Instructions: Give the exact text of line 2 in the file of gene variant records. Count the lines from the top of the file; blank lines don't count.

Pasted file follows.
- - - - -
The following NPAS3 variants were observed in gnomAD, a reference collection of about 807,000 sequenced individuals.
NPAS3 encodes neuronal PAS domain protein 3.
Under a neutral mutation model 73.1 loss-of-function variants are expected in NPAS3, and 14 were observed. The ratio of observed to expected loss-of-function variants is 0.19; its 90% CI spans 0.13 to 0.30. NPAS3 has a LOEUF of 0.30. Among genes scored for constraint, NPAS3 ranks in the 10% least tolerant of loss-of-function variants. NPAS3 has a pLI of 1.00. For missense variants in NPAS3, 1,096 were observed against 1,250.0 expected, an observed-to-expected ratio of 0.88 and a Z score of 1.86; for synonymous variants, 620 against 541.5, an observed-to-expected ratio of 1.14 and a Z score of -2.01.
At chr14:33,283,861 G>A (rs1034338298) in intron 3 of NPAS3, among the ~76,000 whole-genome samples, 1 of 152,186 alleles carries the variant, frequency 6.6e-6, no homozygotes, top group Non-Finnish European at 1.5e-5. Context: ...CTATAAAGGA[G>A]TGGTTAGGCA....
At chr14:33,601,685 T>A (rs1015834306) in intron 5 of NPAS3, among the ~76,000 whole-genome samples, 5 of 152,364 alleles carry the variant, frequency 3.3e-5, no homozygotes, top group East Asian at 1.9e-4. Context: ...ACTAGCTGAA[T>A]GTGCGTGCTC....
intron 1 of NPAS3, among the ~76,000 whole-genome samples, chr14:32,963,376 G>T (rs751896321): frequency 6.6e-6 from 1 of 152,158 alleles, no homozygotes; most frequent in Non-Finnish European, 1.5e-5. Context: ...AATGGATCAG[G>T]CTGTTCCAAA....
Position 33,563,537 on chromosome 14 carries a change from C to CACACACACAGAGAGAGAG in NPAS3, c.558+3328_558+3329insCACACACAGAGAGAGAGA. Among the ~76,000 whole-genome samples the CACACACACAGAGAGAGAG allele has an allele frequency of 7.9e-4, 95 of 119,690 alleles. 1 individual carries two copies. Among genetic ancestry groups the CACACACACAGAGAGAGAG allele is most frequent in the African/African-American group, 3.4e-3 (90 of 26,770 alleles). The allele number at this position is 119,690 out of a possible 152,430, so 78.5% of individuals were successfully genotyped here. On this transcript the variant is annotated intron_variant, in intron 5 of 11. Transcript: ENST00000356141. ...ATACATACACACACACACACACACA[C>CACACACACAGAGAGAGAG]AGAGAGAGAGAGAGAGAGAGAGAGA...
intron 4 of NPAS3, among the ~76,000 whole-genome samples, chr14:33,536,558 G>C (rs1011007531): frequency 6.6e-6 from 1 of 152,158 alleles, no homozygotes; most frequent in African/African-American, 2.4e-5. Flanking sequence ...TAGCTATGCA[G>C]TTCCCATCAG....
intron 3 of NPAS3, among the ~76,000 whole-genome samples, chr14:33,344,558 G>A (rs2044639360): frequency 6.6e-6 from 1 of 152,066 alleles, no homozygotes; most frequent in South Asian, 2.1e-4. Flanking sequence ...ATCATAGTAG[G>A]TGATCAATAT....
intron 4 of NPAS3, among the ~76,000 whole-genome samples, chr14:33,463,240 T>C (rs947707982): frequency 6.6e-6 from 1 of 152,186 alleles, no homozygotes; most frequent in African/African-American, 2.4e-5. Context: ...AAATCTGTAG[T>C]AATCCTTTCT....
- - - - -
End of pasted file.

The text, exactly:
NPAS3 encodes neuronal PAS domain protein 3.